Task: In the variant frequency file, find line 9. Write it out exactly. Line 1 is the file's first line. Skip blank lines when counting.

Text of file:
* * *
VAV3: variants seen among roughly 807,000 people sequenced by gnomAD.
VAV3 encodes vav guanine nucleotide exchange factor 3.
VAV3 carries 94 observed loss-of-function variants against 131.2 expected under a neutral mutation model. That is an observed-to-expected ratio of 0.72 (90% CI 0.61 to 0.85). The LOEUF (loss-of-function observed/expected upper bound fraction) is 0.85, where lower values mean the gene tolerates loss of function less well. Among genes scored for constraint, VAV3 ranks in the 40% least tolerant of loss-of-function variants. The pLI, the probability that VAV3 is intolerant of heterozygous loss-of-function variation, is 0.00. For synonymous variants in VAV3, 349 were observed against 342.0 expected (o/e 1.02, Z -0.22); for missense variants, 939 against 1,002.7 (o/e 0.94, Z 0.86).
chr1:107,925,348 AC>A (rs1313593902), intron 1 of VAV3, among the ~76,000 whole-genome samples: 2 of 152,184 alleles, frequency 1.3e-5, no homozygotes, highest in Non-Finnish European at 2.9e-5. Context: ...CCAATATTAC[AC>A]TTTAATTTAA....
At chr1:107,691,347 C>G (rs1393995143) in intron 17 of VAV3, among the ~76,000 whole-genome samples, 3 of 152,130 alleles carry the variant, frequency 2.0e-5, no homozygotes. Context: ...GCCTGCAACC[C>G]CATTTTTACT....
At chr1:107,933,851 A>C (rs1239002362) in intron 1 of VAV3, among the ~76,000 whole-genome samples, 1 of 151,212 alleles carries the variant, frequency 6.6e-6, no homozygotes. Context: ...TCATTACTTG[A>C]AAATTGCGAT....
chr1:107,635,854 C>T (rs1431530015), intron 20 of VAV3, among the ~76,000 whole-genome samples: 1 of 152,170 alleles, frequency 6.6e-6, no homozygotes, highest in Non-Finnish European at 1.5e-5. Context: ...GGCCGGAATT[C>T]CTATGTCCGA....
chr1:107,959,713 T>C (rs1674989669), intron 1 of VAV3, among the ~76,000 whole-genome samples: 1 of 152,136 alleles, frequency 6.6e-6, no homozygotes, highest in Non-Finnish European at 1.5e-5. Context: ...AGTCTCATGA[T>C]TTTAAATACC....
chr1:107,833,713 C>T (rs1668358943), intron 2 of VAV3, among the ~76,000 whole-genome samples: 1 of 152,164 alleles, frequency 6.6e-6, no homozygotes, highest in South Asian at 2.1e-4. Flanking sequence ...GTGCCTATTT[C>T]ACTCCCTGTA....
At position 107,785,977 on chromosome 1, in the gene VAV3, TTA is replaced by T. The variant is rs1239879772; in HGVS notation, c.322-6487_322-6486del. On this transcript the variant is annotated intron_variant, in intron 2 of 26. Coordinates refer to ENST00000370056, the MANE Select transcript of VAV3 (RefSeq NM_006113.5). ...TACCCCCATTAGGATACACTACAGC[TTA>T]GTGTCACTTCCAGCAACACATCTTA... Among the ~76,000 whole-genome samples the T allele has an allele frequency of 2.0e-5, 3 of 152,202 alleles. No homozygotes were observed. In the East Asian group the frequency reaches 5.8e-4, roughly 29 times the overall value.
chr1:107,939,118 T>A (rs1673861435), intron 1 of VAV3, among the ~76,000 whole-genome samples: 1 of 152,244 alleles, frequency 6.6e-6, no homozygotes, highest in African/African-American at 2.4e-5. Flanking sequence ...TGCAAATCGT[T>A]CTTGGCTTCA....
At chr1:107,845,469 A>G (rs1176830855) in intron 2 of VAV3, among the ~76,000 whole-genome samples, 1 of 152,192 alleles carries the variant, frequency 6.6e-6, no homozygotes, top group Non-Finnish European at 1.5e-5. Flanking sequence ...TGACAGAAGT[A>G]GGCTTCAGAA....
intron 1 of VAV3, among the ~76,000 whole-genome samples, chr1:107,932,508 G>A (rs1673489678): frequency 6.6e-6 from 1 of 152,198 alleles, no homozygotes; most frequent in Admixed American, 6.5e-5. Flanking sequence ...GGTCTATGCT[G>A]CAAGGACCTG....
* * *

chr1:107,833,713 C>T (rs1668358943), intron 2 of VAV3, among the ~76,000 whole-genome samples: 1 of 152,164 alleles, frequency 6.6e-6, no homozygotes, highest in South Asian at 2.1e-4. Flanking sequence ...GTGCCTATTT[C>T]ACTCCCTGTA....